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In this Sept. 6, 2017 photo provided by the National Oceanic and Atmospheric Administration (NOAA), fish swim in a reef at Pearl and Hermes Atoll in the Northwestern Hawaiian Islands.The Canadian Press

The world is failing to address a catastrophic biodiversity collapse that not only threatens to wipe out beloved species and invaluable genetic diversity, but endangers humanity’s food supply, health and security, according to a sweeping United Nations report issued on Tuesday.

When governments act to protect and restore nature, the authors found, it works. But despite commitments made 10 years ago, nations have not come close to meeting the scale of the crisis, which continues to worsen because of unsustainable farming, overfishing, burning of fossil fuels and other activities.

“Humanity stands at a crossroads,” the report said.

It comes as the devastating consequences that can result from an unhealthy relationship with nature are on full display: A pandemic that very likely jumped from bats has upended life worldwide, and wildfires, worsened by climate change and land management policies, are ravaging the American West.

“These things are a sign of what is to come,” said David Cooper, an author of the report and the deputy executive secretary of the United Nations Convention on Biological Diversity, the global treaty underlying the assessment. “These things will only get worse if we don’t change course.”

The report looked at a decade of efforts by national governments. In 2010, after painstaking scientific work and arduous negotiation, almost every country in the world signed on to 20 goals under the convention to staunch the biodiversity hemorrhage.

At the time, the science was already clear: Human activity was decimating animals and plants across the planet, causing a wave of extinctions and throwing ecosystems so out of balance that the domino effects threatened humans themselves. The agreement, with a deadline of 2020 for the new goals, was a hard-won diplomatic triumph.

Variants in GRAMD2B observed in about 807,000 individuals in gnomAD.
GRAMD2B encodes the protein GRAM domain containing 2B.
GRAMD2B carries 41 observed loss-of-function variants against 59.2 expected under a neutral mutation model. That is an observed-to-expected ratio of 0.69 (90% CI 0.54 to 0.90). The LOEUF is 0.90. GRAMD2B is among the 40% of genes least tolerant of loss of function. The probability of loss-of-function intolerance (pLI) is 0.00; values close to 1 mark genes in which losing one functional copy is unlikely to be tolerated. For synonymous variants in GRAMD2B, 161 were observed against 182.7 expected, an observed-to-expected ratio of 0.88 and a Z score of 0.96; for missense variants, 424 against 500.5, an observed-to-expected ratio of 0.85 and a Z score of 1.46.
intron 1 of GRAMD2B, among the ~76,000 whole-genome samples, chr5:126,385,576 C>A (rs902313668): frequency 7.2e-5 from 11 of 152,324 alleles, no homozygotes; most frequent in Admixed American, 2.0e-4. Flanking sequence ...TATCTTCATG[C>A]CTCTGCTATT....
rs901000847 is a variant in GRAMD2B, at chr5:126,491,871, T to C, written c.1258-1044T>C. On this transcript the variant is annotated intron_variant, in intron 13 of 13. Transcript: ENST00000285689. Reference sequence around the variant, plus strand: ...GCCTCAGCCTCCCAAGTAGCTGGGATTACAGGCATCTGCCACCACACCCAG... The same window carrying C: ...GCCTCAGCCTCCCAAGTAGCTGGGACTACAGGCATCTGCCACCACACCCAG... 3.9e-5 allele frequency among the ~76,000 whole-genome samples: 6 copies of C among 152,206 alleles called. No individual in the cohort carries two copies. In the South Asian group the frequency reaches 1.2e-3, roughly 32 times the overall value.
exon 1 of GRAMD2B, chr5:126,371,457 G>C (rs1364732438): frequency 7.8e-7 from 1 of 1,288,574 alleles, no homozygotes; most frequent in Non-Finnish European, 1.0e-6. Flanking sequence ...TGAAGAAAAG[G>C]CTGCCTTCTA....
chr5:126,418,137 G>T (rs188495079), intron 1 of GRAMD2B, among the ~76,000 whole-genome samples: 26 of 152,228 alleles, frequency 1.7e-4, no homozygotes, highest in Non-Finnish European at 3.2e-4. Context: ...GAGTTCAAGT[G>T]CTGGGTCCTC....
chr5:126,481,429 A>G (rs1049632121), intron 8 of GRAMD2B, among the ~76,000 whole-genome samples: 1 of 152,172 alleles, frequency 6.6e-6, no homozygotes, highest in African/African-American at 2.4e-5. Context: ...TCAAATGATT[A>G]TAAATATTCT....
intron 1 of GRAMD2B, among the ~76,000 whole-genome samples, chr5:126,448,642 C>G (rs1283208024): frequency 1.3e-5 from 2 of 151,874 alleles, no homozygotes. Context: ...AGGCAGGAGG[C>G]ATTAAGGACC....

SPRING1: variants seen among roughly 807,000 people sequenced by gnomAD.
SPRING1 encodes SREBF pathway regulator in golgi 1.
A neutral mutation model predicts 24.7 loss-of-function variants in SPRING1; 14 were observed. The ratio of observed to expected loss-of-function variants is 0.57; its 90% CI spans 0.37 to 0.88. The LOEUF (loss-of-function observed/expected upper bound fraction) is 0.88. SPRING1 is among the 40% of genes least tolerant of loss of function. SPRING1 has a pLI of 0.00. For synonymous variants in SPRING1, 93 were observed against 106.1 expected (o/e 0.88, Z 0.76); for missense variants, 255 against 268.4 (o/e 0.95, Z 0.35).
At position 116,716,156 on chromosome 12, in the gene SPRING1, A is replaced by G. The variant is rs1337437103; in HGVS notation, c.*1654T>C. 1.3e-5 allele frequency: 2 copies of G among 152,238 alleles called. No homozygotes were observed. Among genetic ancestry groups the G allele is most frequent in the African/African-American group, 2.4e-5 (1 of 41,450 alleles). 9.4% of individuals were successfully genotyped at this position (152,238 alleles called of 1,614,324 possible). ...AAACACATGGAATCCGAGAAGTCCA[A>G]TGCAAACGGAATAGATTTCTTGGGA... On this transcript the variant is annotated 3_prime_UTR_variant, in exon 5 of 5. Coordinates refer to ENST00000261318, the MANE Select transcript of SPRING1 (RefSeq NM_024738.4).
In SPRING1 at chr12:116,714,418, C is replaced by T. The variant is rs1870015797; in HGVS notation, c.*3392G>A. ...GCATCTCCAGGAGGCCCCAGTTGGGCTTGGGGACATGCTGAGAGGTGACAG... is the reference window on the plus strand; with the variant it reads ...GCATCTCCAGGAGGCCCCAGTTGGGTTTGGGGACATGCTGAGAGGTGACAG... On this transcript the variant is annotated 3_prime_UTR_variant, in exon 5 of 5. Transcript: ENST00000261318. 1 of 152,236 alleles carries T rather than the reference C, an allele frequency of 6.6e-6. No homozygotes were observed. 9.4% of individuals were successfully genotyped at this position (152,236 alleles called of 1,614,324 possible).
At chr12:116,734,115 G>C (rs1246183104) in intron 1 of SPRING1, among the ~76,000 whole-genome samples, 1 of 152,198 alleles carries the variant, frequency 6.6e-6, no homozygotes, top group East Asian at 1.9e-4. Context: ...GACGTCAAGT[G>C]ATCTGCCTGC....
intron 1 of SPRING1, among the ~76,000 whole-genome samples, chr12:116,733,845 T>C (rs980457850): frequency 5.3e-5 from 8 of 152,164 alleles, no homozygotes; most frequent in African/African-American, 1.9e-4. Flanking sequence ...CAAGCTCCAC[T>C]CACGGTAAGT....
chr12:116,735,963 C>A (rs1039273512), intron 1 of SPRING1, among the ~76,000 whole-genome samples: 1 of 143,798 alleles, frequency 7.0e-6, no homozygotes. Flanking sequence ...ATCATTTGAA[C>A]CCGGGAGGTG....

The report, which assesses progress on the 20 goals, has found that the world is doing far too little.

“Some progress has been made, but it’s not good enough,” said Elizabeth Maruma Mrema, the leader of the U.N. convention.

As with climate change, scientific alarms on biodiversity loss have gone largely unheeded as the problem intensifies.

Last year, an exhaustive international report concluded that humans had reshaped the natural world so drastically that 1 million species of animals and plants were at risk of extinction. This year, the World Economic Forum’s annual global risk report identified biodiversity loss, in addition to climate change, as one of the most urgent threats, saying that “human-driven nature and biodiversity loss is threatening life on our planet.” Last week, a respected index of animal life showed that, on average, the populations of almost 4,400 monitored mammals, birds, reptiles, amphibians and fish had declined by 68% since 1970.

At the global level, only six of the biodiversity convention’s 20 targets were partially achieved and none were fully achieved.

The destruction of habitats such as forests, mangroves and grasslands was not cut in half. Overfishing did not decrease. Governments did not stop subsidizing fossil fuels, fertilizers and pesticides that are contributing to the biodiversity crisis.

Indeed, the report estimates that governments around the world spend $500 billion per year on environmentally harmful initiatives, while total public and private financing for biodiversity came to a fraction of that: $80 billion to $90 billion.

“Many governments, within their ministry of environment, have a lot of ambition for biodiversity,” said Anne Larigauderie, an ecologist who attended the conference in 2010 that adopted the 20 targets. “But they don’t have enough power compared to the other ministries: agriculture, transportation, energy.”